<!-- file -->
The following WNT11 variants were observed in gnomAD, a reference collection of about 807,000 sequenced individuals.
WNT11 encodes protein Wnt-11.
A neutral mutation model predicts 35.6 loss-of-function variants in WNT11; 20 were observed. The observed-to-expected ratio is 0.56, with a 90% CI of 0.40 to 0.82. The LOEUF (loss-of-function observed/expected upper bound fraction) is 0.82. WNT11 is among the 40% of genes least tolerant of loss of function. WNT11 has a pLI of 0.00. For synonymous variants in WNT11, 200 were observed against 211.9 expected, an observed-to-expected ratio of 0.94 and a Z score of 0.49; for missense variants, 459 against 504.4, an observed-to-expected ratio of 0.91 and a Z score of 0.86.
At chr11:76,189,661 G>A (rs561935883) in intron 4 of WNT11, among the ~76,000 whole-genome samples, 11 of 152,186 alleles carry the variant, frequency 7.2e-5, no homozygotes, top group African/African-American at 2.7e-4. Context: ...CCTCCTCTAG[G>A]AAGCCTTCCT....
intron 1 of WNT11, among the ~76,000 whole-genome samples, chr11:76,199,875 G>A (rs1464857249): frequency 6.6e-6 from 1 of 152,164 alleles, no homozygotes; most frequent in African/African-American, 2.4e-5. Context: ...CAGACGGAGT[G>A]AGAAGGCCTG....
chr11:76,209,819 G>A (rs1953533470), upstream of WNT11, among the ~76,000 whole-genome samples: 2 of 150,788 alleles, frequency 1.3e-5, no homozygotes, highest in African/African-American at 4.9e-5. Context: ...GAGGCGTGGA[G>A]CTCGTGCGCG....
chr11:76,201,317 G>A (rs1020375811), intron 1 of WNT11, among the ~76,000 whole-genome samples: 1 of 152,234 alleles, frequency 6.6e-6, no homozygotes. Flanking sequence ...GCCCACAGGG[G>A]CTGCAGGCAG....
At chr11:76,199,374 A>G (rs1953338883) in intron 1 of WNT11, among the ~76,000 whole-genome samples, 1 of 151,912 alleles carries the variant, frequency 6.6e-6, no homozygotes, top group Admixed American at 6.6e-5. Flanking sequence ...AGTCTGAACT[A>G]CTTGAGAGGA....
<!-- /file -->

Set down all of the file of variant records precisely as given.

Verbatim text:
The following WNT11 variants were observed in gnomAD, a reference collection of about 807,000 sequenced individuals.
WNT11 encodes protein Wnt-11.
A neutral mutation model predicts 35.6 loss-of-function variants in WNT11; 20 were observed. The observed-to-expected ratio is 0.56, with a 90% CI of 0.40 to 0.82. The LOEUF (loss-of-function observed/expected upper bound fraction) is 0.82. WNT11 is among the 40% of genes least tolerant of loss of function. WNT11 has a pLI of 0.00. For synonymous variants in WNT11, 200 were observed against 211.9 expected, an observed-to-expected ratio of 0.94 and a Z score of 0.49; for missense variants, 459 against 504.4, an observed-to-expected ratio of 0.91 and a Z score of 0.86.
At chr11:76,189,661 G>A (rs561935883) in intron 4 of WNT11, among the ~76,000 whole-genome samples, 11 of 152,186 alleles carry the variant, frequency 7.2e-5, no homozygotes, top group African/African-American at 2.7e-4. Context: ...CCTCCTCTAG[G>A]AAGCCTTCCT....
intron 1 of WNT11, among the ~76,000 whole-genome samples, chr11:76,199,875 G>A (rs1464857249): frequency 6.6e-6 from 1 of 152,164 alleles, no homozygotes; most frequent in African/African-American, 2.4e-5. Context: ...CAGACGGAGT[G>A]AGAAGGCCTG....
chr11:76,209,819 G>A (rs1953533470), upstream of WNT11, among the ~76,000 whole-genome samples: 2 of 150,788 alleles, frequency 1.3e-5, no homozygotes, highest in African/African-American at 4.9e-5. Context: ...GAGGCGTGGA[G>A]CTCGTGCGCG....
chr11:76,201,317 G>A (rs1020375811), intron 1 of WNT11, among the ~76,000 whole-genome samples: 1 of 152,234 alleles, frequency 6.6e-6, no homozygotes. Flanking sequence ...GCCCACAGGG[G>A]CTGCAGGCAG....
At chr11:76,199,374 A>G (rs1953338883) in intron 1 of WNT11, among the ~76,000 whole-genome samples, 1 of 151,912 alleles carries the variant, frequency 6.6e-6, no homozygotes, top group Admixed American at 6.6e-5. Flanking sequence ...AGTCTGAACT[A>G]CTTGAGAGGA....